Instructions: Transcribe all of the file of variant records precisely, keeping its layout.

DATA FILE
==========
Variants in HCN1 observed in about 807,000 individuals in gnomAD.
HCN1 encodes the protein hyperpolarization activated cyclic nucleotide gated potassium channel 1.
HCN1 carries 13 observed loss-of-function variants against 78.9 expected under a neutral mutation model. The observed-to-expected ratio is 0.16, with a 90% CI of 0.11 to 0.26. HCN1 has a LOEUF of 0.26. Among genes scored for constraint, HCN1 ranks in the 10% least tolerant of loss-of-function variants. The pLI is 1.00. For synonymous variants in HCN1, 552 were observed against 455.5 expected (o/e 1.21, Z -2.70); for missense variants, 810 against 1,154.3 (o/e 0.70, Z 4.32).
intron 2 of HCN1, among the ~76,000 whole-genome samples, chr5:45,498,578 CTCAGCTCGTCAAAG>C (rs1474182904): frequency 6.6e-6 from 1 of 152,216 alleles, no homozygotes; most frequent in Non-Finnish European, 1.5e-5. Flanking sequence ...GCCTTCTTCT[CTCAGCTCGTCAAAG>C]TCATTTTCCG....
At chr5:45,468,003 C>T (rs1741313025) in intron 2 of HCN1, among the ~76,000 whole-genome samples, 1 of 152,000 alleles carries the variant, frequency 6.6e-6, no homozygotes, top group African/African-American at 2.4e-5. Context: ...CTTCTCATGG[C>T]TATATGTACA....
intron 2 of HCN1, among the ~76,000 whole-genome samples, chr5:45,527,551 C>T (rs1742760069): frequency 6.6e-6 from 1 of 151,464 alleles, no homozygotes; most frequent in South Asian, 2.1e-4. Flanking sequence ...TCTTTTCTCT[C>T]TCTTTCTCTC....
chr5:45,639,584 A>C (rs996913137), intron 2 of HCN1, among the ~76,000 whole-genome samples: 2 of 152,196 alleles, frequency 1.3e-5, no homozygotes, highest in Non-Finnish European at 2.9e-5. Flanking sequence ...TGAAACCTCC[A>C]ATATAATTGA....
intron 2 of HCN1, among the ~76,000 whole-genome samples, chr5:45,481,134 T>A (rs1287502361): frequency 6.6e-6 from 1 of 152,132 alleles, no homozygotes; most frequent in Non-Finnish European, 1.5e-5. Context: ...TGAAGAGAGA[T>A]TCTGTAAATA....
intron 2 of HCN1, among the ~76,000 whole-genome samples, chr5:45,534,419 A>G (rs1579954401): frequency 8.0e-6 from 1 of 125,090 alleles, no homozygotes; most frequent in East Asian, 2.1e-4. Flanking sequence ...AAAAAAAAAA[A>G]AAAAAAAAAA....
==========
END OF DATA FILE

Variants in HCN1 observed in about 807,000 individuals in gnomAD.
HCN1 encodes the protein hyperpolarization activated cyclic nucleotide gated potassium channel 1.
HCN1 carries 13 observed loss-of-function variants against 78.9 expected under a neutral mutation model. The observed-to-expected ratio is 0.16, with a 90% CI of 0.11 to 0.26. HCN1 has a LOEUF of 0.26. Among genes scored for constraint, HCN1 ranks in the 10% least tolerant of loss-of-function variants. The pLI is 1.00. For synonymous variants in HCN1, 552 were observed against 455.5 expected (o/e 1.21, Z -2.70); for missense variants, 810 against 1,154.3 (o/e 0.70, Z 4.32).
intron 2 of HCN1, among the ~76,000 whole-genome samples, chr5:45,498,578 CTCAGCTCGTCAAAG>C (rs1474182904): frequency 6.6e-6 from 1 of 152,216 alleles, no homozygotes; most frequent in Non-Finnish European, 1.5e-5. Flanking sequence ...GCCTTCTTCT[CTCAGCTCGTCAAAG>C]TCATTTTCCG....
At chr5:45,468,003 C>T (rs1741313025) in intron 2 of HCN1, among the ~76,000 whole-genome samples, 1 of 152,000 alleles carries the variant, frequency 6.6e-6, no homozygotes, top group African/African-American at 2.4e-5. Context: ...CTTCTCATGG[C>T]TATATGTACA....
intron 2 of HCN1, among the ~76,000 whole-genome samples, chr5:45,527,551 C>T (rs1742760069): frequency 6.6e-6 from 1 of 151,464 alleles, no homozygotes; most frequent in South Asian, 2.1e-4. Flanking sequence ...TCTTTTCTCT[C>T]TCTTTCTCTC....
chr5:45,639,584 A>C (rs996913137), intron 2 of HCN1, among the ~76,000 whole-genome samples: 2 of 152,196 alleles, frequency 1.3e-5, no homozygotes, highest in Non-Finnish European at 2.9e-5. Flanking sequence ...TGAAACCTCC[A>C]ATATAATTGA....
intron 2 of HCN1, among the ~76,000 whole-genome samples, chr5:45,481,134 T>A (rs1287502361): frequency 6.6e-6 from 1 of 152,132 alleles, no homozygotes; most frequent in Non-Finnish European, 1.5e-5. Context: ...TGAAGAGAGA[T>A]TCTGTAAATA....
intron 2 of HCN1, among the ~76,000 whole-genome samples, chr5:45,534,419 A>G (rs1579954401): frequency 8.0e-6 from 1 of 125,090 alleles, no homozygotes; most frequent in East Asian, 2.1e-4. Flanking sequence ...AAAAAAAAAA[A>G]AAAAAAAAAA....